This book covers a short period of time in amazing detail, discussing the actions of airport employees, air traffic controllers, other civilian and military pilots, and the governmental organizations involved in getting planes down safely wherever they could. Lynn has interviewed those directly involved in the events, and their quotes and actions are described in the book in terms that the non-aviation enthusiast can understand.
She describes what it took to get our troops mobilized and military planes up into the skies to protect our nation from potential further attack. The book highlights weakenesses in our national defense and aviation procedures, most notably the communication infrastructure, but that what needed to be done happened because of people's dedication to accomplishing the mission.

I am so impressed with the research that I knew Lynn was doing, but she went far beyond what I would have thought possible. If one had the ability to be in numerous places at once so to have a thorough understanding of such a tragedy, Lynn was the one to give us a close approximation.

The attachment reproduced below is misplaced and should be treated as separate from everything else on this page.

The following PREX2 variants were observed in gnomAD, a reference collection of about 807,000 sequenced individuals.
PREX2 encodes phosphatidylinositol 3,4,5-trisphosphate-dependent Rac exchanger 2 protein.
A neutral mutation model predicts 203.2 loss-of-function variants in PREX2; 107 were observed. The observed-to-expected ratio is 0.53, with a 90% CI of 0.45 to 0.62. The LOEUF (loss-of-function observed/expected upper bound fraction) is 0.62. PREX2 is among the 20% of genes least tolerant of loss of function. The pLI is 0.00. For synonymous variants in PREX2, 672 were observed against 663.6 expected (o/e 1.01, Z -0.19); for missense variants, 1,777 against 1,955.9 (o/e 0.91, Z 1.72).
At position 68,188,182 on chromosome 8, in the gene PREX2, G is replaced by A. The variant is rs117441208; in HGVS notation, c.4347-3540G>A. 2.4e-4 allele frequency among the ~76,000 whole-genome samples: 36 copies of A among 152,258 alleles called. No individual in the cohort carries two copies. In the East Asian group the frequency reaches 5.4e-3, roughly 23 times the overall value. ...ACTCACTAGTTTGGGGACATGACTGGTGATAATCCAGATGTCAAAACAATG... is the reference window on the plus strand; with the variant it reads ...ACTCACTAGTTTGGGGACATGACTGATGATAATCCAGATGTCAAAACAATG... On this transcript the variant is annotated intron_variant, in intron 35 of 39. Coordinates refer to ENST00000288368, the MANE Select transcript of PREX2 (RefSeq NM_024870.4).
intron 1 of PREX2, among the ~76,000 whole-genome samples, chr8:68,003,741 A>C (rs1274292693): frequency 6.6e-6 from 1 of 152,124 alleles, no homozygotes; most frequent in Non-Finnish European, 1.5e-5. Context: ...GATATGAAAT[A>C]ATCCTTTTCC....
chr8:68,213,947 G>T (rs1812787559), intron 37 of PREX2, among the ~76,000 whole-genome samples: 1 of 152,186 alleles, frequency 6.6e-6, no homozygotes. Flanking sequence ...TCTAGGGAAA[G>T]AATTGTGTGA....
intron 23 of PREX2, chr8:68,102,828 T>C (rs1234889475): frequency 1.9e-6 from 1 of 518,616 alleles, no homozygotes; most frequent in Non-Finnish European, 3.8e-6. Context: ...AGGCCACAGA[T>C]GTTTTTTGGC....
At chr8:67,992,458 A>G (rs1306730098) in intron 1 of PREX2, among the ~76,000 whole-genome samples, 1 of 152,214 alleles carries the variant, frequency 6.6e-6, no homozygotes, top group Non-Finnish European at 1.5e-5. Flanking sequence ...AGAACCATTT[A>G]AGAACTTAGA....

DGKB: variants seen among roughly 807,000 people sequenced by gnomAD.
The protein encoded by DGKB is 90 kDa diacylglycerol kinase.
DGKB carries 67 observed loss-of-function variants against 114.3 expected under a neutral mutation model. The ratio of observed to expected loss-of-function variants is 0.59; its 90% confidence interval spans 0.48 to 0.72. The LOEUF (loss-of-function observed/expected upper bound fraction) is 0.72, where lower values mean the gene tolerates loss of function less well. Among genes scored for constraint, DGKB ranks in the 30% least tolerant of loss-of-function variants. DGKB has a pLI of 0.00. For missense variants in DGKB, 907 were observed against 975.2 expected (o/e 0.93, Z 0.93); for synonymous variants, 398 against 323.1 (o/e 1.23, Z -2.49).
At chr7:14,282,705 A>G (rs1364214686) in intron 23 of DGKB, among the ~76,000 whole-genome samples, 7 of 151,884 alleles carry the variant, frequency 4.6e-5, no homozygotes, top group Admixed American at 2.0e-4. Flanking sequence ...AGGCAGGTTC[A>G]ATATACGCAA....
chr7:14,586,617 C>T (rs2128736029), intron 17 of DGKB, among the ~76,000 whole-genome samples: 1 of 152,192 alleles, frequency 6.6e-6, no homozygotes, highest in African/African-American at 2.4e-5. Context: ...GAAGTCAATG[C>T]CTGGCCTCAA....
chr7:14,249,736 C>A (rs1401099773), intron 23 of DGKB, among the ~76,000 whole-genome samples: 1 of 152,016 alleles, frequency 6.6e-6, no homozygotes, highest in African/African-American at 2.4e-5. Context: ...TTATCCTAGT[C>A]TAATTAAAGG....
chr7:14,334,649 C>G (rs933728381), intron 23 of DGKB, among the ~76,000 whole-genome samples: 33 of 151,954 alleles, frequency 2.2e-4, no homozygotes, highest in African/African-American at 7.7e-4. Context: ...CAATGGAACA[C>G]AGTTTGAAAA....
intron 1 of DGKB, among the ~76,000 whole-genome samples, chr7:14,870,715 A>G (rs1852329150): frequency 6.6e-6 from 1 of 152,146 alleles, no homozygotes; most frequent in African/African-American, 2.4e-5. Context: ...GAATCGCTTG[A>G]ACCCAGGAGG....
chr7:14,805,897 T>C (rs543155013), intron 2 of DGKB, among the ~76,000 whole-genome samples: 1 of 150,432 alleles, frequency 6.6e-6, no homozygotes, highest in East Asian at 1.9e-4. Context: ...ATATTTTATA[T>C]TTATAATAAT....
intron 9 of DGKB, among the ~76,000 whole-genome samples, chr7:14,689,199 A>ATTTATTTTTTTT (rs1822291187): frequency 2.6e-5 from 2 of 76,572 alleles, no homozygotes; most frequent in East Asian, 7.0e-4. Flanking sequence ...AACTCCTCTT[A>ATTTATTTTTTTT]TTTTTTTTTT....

It is sad to think that it took a monstrous terrorist act to bring our country together and to give ourselves the opportunity to prove what we could do when we all work together. I hope the lessons of 9/11 will remain with us for many years to come.

In closing, I do have a limited number of copies of this book available. They will be distributed first come first serve - free of charge - to Girls With Wings crewmembers that order from our online store. You must identify yourself as a crewmember upon checkout to receive the book in your shipment.

Tuesday, September 09, 2008

Busy Week!

It has been a very busy tour this week, and so I have not been posting much on the blog for the last few days. Getting up before 4 or 5 am means I get to the hotel pretty tired at night. If I'm lucky, I have enough energy to work out, but then I'll have NO energy left to get on the computer!

Anyway, I got pretty LUCKY this week, because I got to fly into the Denver area, where my best friend lives. Cindy is an America West Airbus pilot and Girl With Wings who I used to work with at Air Midwest, the regional airline. Yes, I know that AM West merged with US Airways - but I prefer AMW. She got to see the inside of the Citation X and meet the captain I was flying with.
The Rocky Mountains are so cool to fly over (we also flew over the Grand Canyon, but I have yet to take a picture worth publishing - the Canyon is just too big and no picture does it justice).